Iconic inn

Austin's historic Driskill hotel rolls out welcome mat for new owner

Austin's historic Driskill hotel rolls out welcome mat for new owner

The Driskill
Austin’s oldest and perhaps grandest hotel has a new owner.   Courtesy of The Driskill

The Driskill, Austin’s oldest and perhaps grandest hotel, has a new owner.

Chicago-based Hyatt Hotels Corp. confirms to CultureMap that it recently sold the downtown property to Dallas-based Woodbine Development Corp. The purchase price wasn’t disclosed. Hyatt bought the hotel in 2013.

“We want to reassure our colleagues, guests, customers, and community that Hyatt will continue to manage The Driskill under a long-term management agreement, and there will be no business disruption with this transfer of ownership at this time,” a Hyatt spokesperson says.

The Driskill, at 604 Brazos St., will remain part of The Unbound Collection by Hyatt luxury brand. Its distinct Romanesque Revival architecture contributes to its iconic status among properties in downtown Austin.

Woodbine was launched in 1972 by Dallas oil heir Ray Lee Hunt, whose net worth is estimated at $6.5 billion, and Dallas real estate veteran John Scovell. Scovell is chairman of Woodbine. His oldest son, King Scovell, is Woodbine’s chief development officer, and his youngest son, Dupree Scovell, is chief investment officer.

Dupree Scovell couldn’t be reached for comment.

Other properties that Woodbine owns include the Austin area’s Hyatt Regency Lost Pines Resort & Spa, which the company bought last year; the Hyatt Regency Dallas and Reunion Tower; San Antonio’s Hotel Emma; and San Antonio’s Hyatt Regency Hill Country Resort & Spa.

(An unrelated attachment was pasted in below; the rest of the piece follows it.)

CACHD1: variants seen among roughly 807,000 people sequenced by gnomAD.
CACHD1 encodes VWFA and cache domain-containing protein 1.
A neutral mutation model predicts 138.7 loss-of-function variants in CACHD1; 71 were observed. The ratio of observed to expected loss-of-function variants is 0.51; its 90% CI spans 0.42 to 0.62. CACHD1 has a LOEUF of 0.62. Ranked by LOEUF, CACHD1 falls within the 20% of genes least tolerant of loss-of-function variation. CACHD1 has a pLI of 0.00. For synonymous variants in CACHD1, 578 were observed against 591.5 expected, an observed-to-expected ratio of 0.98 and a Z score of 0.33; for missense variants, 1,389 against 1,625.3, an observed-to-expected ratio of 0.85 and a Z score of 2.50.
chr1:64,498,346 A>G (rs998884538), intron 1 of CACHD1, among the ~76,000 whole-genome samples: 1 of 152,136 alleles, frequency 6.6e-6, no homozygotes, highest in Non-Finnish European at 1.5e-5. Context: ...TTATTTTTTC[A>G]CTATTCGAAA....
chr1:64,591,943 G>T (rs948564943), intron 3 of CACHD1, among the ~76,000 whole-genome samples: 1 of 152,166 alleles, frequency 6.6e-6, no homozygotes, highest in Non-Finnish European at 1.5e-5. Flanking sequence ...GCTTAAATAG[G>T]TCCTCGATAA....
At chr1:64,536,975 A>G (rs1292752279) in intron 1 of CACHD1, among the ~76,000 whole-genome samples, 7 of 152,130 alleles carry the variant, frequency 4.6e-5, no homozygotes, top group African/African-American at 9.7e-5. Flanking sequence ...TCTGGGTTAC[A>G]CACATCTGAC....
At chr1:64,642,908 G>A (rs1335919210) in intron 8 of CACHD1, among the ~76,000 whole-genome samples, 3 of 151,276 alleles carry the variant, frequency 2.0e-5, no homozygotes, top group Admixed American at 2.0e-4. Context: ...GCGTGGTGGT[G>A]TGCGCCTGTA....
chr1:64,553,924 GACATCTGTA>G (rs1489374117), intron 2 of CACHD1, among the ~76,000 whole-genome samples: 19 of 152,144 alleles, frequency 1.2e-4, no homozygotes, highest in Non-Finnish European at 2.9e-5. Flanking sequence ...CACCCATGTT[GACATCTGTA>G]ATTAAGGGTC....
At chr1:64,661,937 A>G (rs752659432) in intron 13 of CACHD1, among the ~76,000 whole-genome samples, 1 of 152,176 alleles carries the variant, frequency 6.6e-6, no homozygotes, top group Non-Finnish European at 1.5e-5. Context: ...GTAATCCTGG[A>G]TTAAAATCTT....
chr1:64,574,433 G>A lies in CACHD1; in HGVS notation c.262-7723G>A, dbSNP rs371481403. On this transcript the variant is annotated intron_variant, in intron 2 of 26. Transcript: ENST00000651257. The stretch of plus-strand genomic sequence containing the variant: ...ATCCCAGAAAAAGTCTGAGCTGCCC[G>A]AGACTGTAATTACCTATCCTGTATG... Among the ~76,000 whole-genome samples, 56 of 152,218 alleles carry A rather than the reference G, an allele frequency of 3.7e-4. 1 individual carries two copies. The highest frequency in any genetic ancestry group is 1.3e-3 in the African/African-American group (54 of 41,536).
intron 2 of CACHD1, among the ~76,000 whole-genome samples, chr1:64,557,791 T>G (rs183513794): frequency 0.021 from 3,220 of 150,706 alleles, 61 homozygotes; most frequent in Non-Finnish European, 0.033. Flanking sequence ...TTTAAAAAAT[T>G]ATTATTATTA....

The Driskill is one of four properties that Hyatt recently sold or is in the process of selling. The others are the Grand Hyatt San Antonio River Walk, Southern California’s Hyatt Regency Indian Wells Resort & Spa, and South Florida’s The Confidante Miami Beach. Hyatt says proceeds from these four deals are expected to total $812 million.

According to Hyatt, the buyers of The Driskill, Hyatt Regency Indian Wells, and The Confidante are gearing up for renovations representing a total investment of more than $145 million. Details about the planned renovations weren’t available.

Cattle baron Jesse Driskill opened his namesake Austin hotel in 1886; just two years later, financial woes forced him to sell the four-story property to his brother-in-law.

The Driskill features 189 guest rooms, including 14 suites; two restaurants; a bar; and 13 meeting rooms. The hotel unveiled a renovation, led by Austin architecture firm Clayton Korte, of the 14 guest suites in 2021. It was the first renovation project at the hotel since 1998.

The hotel has witnessed an array of historic moments, such as:

  • In 1887, The Driskill hosted the first of many inaugural balls for the governor of Texas.
  • Jazz musician Louis Armstrong performed a three-night gig there in 1931.
  • The first date of Lyndon B. Johnson, who would go on to become president, and his future wife, Lady Bird Taylor, happened in 1934 in The Driskill’s dining room.
  • In 1964, the Johnsons awaited word of LBJ’s presidential election results inside the hotel’s Hogg Suite. (LBJ won in a landslide).
  • The Driskill was saved from the wrecking ball in 1969 after it was declared a national historic landmark.

Last year, Yelp ranked The Driskill as the most haunted place in Texas. It's said to house a handful of restless spirits, including founder Colonel Jesse Driskill, and a young girl who fell to her death in 1887 from the grand staircase while chasing her ball.